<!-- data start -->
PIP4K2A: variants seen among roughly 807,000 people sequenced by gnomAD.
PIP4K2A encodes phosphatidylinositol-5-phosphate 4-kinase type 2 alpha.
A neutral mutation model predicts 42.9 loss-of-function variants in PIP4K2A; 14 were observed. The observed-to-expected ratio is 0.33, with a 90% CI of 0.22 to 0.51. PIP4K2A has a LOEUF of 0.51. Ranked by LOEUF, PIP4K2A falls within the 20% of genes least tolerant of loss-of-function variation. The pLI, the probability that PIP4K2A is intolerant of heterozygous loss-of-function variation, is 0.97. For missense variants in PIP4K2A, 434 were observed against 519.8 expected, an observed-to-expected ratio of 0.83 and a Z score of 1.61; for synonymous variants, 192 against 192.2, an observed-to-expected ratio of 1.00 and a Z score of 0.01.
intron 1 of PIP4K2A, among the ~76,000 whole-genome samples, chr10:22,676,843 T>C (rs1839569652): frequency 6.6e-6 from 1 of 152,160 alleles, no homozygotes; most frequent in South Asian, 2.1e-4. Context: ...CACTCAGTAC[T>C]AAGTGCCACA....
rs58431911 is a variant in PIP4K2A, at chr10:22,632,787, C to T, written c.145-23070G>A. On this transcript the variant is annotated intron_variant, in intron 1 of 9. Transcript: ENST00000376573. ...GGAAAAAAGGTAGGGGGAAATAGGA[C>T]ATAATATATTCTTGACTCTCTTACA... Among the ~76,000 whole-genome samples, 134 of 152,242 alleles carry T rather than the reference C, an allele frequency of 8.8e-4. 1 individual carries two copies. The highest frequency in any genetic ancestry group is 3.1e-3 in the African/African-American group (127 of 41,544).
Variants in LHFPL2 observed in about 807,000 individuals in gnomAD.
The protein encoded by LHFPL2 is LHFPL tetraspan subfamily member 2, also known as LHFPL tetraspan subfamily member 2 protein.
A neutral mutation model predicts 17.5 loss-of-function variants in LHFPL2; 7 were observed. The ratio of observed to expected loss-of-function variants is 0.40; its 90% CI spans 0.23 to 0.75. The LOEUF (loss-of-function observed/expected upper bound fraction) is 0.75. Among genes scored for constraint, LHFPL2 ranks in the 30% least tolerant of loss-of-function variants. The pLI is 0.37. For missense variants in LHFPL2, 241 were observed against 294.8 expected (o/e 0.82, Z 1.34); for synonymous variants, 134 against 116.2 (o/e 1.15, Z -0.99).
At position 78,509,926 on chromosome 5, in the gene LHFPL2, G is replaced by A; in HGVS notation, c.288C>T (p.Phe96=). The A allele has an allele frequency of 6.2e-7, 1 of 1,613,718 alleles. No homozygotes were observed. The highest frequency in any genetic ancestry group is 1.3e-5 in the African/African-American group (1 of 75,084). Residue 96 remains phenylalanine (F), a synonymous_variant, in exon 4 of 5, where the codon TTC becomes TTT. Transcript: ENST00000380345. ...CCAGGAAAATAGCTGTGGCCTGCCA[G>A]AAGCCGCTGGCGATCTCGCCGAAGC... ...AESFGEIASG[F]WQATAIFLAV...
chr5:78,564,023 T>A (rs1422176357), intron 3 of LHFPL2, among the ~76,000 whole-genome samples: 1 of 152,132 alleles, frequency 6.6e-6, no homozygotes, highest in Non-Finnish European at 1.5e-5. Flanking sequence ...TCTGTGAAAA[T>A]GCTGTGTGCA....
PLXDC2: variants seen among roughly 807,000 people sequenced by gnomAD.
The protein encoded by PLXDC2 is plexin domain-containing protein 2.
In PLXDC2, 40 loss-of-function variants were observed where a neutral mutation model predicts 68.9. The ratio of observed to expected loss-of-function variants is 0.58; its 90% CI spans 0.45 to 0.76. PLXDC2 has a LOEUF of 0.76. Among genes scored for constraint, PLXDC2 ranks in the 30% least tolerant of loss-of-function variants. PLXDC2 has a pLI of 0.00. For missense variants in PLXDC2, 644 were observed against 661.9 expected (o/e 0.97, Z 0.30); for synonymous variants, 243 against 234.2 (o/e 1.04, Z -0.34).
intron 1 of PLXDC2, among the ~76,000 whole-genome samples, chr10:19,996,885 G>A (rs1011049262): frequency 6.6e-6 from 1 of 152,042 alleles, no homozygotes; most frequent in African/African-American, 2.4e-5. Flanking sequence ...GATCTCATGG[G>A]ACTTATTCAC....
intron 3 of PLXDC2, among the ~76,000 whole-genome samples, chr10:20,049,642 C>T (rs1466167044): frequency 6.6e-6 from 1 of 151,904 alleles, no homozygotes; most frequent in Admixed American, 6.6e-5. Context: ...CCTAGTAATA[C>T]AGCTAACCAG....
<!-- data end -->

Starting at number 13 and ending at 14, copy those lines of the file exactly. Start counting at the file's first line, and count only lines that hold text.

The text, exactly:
In PLXDC2, 40 loss-of-function variants were observed where a neutral mutation model predicts 68.9. The ratio of observed to expected loss-of-function variants is 0.58; its 90% CI spans 0.45 to 0.76. PLXDC2 has a LOEUF of 0.76. Among genes scored for constraint, PLXDC2 ranks in the 30% least tolerant of loss-of-function variants. PLXDC2 has a pLI of 0.00. For missense variants in PLXDC2, 644 were observed against 661.9 expected (o/e 0.97, Z 0.30); for synonymous variants, 243 against 234.2 (o/e 1.04, Z -0.34).
intron 1 of PLXDC2, among the ~76,000 whole-genome samples, chr10:19,996,885 G>A (rs1011049262): frequency 6.6e-6 from 1 of 152,042 alleles, no homozygotes; most frequent in African/African-American, 2.4e-5. Flanking sequence ...GATCTCATGG[G>A]ACTTATTCAC....